The debate over withdrawal of American forces from Iraq has effectively ended: Troops will begin withdrawing in early 2009. The withdrawal will be complete somewhere between mid-2010 and the end of 2011, in accord with the expressed determination of the incoming Obama administration and the wishes of the Iraqi government. The pace of withdrawal will depend on local security conditions. If the security situation continues to improve, the withdrawal may accelerate. However, if the security situation sharply deteriorates, the withdrawal is unlikely to be reversed. There will be no second surge.
What is not yet entirely clear is what type of residual American force may remain in Iraq. President-elect Obama’s commitment to withdrawal in 16 months refers only to American combat forces, which constitute only about a third of the total force, although presumably some support troops will come home with them. That still leaves a sizeable American military contingent of as many as 70,000 or 90,000 troops remaining at bases in Iraq. The Status of Forces Agreement between Iraq and the United States is appropriately blurry on this point.
The residual forces could continue to train and support Iraqi forces, in accord with our current long-term strategy, but by their very presence they would bolster democratic institutions. They also might protect Sunni and Kurd minorities, protect Iraq and its Arab neighbors against possible Iranian aggression, and protect Iraq’s neighbors against any potential future Iraqi aggression.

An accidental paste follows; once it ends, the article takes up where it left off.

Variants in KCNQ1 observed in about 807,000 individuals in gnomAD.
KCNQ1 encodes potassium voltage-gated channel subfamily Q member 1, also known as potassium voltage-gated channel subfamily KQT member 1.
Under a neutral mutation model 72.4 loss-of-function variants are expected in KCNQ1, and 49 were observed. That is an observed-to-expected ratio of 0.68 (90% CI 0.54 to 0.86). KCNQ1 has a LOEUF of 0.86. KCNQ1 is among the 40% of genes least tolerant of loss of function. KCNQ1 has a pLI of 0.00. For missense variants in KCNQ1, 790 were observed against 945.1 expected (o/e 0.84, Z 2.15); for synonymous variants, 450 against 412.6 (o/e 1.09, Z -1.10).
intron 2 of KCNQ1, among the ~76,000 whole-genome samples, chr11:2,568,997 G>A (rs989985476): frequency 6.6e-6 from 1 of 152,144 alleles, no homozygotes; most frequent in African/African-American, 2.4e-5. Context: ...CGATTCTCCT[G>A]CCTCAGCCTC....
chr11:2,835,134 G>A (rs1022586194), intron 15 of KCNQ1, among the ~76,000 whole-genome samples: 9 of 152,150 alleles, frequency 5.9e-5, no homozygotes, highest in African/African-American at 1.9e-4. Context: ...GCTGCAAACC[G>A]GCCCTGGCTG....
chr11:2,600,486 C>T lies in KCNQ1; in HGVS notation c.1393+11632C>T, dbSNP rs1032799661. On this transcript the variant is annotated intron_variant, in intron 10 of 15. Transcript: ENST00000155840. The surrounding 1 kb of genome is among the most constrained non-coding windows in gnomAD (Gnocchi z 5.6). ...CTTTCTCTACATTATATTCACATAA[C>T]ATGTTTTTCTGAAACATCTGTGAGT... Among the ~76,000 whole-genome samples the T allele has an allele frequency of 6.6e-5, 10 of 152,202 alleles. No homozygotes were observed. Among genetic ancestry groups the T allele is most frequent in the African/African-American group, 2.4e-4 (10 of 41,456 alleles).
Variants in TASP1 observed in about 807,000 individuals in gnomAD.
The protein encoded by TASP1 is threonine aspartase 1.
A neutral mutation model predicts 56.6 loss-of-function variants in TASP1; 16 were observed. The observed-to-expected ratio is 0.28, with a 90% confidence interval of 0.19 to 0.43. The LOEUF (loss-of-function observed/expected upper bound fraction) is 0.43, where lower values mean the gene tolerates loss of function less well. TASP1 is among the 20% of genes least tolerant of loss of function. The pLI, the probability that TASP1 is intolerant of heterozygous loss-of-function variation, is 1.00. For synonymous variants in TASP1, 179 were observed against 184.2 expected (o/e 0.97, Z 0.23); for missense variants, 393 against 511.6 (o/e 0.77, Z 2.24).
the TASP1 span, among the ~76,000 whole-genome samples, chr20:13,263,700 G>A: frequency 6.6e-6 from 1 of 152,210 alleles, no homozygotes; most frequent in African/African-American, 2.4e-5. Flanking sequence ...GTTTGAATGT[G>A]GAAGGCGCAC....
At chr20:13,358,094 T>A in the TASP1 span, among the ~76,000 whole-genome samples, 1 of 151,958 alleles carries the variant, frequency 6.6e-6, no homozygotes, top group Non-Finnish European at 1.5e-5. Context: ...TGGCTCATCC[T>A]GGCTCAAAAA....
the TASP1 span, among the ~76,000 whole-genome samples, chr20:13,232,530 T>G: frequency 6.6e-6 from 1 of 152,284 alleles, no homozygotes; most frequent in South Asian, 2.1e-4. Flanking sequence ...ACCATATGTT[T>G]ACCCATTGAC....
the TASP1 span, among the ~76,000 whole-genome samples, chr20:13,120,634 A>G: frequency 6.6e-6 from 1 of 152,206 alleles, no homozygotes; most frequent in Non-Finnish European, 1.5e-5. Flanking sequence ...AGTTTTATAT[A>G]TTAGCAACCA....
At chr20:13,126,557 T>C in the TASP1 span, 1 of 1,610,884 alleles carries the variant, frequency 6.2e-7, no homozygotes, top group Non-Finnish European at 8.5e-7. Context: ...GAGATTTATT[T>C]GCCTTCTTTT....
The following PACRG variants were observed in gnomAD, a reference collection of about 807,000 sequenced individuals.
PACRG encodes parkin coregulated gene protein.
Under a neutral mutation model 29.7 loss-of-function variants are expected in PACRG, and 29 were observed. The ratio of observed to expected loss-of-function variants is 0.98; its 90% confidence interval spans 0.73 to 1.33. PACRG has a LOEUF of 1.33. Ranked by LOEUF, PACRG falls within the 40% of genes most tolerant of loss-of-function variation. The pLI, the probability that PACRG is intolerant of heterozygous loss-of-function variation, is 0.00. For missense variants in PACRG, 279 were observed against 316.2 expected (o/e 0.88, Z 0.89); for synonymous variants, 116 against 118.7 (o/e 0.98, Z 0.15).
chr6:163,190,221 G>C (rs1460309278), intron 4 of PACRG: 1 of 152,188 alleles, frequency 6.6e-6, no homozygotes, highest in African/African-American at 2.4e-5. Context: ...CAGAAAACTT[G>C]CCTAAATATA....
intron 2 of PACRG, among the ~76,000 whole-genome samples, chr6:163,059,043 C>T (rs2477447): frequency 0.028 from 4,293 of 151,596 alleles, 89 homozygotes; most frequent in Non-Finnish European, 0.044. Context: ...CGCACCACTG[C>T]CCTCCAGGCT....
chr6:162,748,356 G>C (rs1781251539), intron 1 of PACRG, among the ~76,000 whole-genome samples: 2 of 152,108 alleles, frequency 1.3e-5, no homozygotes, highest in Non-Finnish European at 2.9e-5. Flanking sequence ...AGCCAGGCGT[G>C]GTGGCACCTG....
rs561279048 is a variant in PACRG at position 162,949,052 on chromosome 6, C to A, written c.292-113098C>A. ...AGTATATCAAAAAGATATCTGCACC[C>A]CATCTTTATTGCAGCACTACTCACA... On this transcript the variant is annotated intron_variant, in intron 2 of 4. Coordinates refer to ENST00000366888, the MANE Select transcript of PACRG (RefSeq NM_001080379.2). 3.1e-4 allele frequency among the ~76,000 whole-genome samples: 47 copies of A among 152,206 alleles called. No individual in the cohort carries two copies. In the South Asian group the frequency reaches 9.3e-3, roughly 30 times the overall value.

Their presence would signal America’s commitment to keep vital sea lanes open. If Iraq goes nuclear (or ambiguously edges closer and closer to nuclear weapons status without announcing or testing a nuclear bomb), a nearby American presence might help discourage threatened Arab governments from starting their own nuclear programs.
But anything less than full withdrawal (except for a tiny training contingent) may not satisfy Americans who want out of Iraq, or the Iraqis, who may regard any American presence as a limitation to their sovereignty. Moreover, the violence in Iraq, although it has declined, will almost certainly continue. Americans will remain targets of al Qa’ida-affiliated terrorists. And if antagonisms between the United States and Iran are not reduced, Americans in Iraq could be targets of Iranian-backed terrorists. It ain’t over yet.
Brian Michael Jenkins is a Senior Advisor to the President of the RAND Corporation.
This commentary originally appeared on NationalJournal.com on December 16, 2008. Commentary gives RAND researchers a platform to convey insights based on their professional expertise and often on their peer-reviewed research and analysis.